Skopje, the astonishing capital of Macedonia
After a short city holiday in Plovdiv and hiking in Balkan Mountains and in Seven Rila Lakes in Bulgaria, it was time to move on to Rebublic of Macedonia. We have traveled in the south-western part of the country on our short Balkan tour in 2012 but didn’t see the capital at all back then. So we decided to go there now, and spend couple of weeks in Skopje.
We crossed the Bulgaria-Macedonia border in Obel-Delchevo late in one Tuesday evening. The road towards the border was so quiet, that we started to doubt if the crossing is open at all. Luckily it was, and after a short stop, basically just showing our passports and registration document of the car, we entered in Macedonia.
Expectations against reality
Since it was so late, we stayed the night in the small town of Delchevo near the border, and then drove to Skopje next morning. To get some kind picture of the city beforehand, we read an old Macedonia guide book from 2007 on the way. We learned that back in 1963 the city suffered huge losses in a disastrous earthquake that killed over thousand, injured much more, destroyed most of the city and left 70 % of the population without home. This devastating incident led to quick reconstruction to get the city back on its feet. Once full of historical and handsome neoclassical buildings, the new face of the city center was dominated by concrete buildings and modernist architecture with communist and brutalist style landmarks.
As the guide book stated that ”Skopje is not anyone’s idea of an architectural gem” and that “there really aren’t that much sights in the new town”, we didn’t expect much of it. Target of our walking tour was mainly to see the brutalist style buildings like the main post office, visit the Skopje Fortress and wander around the bazaar streets in the so-called old town across the Vardar river that runs through the city. With these presumptions, we were totally bowled over when arriving at the central square by the river, called the Macedonia Square.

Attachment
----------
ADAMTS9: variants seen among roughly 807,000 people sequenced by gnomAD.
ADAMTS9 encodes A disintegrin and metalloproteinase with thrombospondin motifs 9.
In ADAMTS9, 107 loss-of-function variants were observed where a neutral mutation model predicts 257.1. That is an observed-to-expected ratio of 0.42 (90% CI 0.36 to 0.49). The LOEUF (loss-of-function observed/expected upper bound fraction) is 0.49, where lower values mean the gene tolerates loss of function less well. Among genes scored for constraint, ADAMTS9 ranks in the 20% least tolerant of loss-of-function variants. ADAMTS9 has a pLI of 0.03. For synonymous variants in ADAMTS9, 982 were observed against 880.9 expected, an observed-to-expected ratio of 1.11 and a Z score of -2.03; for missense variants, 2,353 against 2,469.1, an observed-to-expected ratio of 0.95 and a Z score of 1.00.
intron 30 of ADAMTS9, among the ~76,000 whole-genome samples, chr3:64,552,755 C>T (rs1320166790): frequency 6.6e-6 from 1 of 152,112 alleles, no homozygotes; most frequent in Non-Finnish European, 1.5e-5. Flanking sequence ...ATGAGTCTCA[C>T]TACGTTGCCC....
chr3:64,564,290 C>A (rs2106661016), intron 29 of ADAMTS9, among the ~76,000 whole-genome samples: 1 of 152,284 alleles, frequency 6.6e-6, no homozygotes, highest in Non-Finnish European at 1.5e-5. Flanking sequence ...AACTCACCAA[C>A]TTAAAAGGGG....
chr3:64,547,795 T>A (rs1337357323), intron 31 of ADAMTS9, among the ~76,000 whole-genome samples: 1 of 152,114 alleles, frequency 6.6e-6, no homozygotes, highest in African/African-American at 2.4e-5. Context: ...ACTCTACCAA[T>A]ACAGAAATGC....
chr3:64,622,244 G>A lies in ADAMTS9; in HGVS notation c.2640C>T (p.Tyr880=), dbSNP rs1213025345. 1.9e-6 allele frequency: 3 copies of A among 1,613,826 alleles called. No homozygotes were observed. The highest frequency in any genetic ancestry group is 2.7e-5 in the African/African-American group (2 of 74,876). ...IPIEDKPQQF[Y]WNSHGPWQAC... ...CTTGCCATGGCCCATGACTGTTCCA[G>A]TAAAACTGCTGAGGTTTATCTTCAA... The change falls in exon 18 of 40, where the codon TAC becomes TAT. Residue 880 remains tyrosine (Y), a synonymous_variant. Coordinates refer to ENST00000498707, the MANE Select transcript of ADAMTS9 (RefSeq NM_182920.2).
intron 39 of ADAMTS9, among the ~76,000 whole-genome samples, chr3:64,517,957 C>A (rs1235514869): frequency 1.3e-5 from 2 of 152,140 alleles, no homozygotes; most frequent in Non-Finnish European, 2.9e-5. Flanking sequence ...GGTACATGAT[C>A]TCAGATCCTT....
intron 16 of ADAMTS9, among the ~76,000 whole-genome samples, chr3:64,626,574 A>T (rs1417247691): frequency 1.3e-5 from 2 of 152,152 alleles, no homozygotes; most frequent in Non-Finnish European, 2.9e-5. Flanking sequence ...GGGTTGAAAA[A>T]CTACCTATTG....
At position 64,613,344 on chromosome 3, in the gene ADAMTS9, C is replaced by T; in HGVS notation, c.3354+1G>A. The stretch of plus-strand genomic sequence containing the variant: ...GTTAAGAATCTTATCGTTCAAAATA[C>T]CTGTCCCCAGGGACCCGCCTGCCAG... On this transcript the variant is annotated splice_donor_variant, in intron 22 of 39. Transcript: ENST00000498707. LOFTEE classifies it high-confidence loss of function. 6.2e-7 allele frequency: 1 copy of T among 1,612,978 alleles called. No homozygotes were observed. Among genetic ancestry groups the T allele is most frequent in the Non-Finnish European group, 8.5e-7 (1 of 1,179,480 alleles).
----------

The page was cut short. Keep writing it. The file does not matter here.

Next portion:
First we walked through a giant triumphal arch, the Porta Macedonia, that somehow looked like it doesn’t belong there. Then we noticed the statues, that are literally everywhere, there must be hundreds of them, and part of them are huge. The Warrior on the Horse -monument, that is said to present Alexander the Great but not officially named after him, greets the visitors from high stand above a fountain circled with smaller statues of soldiers and lions. There are brand new pedestrian bridges over the river next to each other, and those are aligned with statues also. Only after gazing those for a moment, we realized that there are bunch of shiny but antique-looking buildings in different styles by the river and around the square.
Based on our foreknowledge, none of those should have been there. The buildings are beautiful, but the amount of everything and mix of styles is just overwhelming. Monuments, new museum and governmental buildings, fountains, restaurant boats, amusement park for kids, music and lights with huge Macedonian flags flying above this all. The city center was everything but the description we had just read about it. Fake antiques with features from Las Vegas and Disneyland. Tasteless and kitsch mix, but with no question impressive. What happened to Skopje?
The Skopje 2014 project
Project ‘Skopje 2014’ happened. A massive, expensive, tremendous governmental-financed project with an aim to give the capital a more visual, classical image, to inspire stronger national identity and to boost economy and tourism. As the name implies, this reform that was officially announced in 2010 (but started already earlier) was supposed to be completed by 2014, but it is still ongoing. Part of the new-but-old buildings have been built from scratch, when others are existing buildings that have been given some heavy make-up, meaning that the facades have been reconstructed.